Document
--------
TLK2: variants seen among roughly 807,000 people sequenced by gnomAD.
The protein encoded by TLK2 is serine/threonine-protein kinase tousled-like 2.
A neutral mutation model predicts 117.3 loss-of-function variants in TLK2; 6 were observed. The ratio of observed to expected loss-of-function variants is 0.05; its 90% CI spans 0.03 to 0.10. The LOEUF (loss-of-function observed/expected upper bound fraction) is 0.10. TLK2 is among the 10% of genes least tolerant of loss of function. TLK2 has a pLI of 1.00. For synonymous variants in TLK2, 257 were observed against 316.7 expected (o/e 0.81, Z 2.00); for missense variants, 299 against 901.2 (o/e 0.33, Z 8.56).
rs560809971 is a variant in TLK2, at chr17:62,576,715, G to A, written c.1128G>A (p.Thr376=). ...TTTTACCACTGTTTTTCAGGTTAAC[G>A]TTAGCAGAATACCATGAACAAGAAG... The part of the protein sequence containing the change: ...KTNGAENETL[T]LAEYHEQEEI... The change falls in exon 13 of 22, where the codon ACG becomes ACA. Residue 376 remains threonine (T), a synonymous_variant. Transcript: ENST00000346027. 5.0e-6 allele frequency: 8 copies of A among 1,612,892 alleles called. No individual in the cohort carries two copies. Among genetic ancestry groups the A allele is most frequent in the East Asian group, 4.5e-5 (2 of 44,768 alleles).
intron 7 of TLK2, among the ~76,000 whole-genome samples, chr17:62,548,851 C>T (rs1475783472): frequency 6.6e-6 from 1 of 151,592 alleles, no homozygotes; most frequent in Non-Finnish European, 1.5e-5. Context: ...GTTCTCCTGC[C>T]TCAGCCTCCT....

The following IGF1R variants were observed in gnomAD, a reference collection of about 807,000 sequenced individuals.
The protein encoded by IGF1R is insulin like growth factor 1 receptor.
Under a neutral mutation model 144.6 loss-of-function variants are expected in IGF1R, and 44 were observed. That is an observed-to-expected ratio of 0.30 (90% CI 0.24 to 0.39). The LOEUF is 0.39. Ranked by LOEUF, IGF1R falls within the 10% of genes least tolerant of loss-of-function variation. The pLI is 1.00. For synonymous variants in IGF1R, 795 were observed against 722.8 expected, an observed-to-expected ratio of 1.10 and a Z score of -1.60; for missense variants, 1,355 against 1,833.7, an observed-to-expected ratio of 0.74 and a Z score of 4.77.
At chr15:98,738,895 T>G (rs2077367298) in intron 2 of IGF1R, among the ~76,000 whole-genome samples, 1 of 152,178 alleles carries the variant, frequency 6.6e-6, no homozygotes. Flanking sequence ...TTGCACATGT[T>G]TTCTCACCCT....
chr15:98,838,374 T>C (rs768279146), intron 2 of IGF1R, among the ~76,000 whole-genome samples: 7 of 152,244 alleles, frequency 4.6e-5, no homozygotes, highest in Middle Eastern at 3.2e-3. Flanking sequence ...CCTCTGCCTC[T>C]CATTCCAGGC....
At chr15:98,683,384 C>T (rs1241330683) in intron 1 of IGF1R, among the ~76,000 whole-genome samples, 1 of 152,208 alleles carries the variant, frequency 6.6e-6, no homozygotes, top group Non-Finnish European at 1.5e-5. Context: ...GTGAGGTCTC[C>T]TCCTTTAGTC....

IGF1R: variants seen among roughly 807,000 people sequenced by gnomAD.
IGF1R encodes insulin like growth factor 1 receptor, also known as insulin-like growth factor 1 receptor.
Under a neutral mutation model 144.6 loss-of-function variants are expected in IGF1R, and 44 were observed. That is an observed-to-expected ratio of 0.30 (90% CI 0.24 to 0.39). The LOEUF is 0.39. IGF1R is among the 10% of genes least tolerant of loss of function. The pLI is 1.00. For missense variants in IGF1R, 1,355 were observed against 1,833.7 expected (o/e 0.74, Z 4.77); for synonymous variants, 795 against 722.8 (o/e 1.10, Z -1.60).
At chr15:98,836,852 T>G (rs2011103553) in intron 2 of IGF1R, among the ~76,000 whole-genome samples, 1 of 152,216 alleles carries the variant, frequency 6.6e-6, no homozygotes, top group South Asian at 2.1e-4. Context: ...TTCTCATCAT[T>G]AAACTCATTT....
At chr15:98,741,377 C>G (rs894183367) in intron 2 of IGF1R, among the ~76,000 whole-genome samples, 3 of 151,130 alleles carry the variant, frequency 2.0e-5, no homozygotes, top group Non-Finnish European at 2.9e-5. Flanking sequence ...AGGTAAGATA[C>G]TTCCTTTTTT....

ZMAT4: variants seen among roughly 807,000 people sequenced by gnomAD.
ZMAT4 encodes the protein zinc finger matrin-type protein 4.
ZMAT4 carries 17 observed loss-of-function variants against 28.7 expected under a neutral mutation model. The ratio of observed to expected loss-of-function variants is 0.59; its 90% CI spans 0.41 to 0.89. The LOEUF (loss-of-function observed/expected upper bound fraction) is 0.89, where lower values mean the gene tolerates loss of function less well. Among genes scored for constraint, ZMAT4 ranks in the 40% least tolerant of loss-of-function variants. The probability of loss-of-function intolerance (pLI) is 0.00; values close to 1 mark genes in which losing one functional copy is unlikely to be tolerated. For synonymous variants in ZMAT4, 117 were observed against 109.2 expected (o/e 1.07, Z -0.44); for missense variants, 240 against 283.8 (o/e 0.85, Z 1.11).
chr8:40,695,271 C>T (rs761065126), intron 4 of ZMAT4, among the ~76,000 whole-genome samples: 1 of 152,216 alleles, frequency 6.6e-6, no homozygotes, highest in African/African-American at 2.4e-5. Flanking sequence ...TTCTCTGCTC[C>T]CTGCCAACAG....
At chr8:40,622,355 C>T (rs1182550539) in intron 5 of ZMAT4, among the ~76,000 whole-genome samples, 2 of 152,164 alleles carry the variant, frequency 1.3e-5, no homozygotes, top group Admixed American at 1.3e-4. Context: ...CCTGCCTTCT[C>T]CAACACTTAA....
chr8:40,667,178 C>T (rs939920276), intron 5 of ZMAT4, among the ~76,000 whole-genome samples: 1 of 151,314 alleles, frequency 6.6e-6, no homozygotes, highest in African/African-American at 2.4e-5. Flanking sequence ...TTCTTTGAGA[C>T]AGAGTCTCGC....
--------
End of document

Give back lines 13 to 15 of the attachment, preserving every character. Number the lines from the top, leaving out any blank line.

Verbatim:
IGF1R encodes insulin like growth factor 1 receptor, also known as insulin-like growth factor 1 receptor.
Under a neutral mutation model 144.6 loss-of-function variants are expected in IGF1R, and 44 were observed. That is an observed-to-expected ratio of 0.30 (90% CI 0.24 to 0.39). The LOEUF is 0.39. IGF1R is among the 10% of genes least tolerant of loss of function. The pLI is 1.00. For missense variants in IGF1R, 1,355 were observed against 1,833.7 expected (o/e 0.74, Z 4.77); for synonymous variants, 795 against 722.8 (o/e 1.10, Z -1.60).
At chr15:98,836,852 T>G (rs2011103553) in intron 2 of IGF1R, among the ~76,000 whole-genome samples, 1 of 152,216 alleles carries the variant, frequency 6.6e-6, no homozygotes, top group South Asian at 2.1e-4. Context: ...TTCTCATCAT[T>G]AAACTCATTT....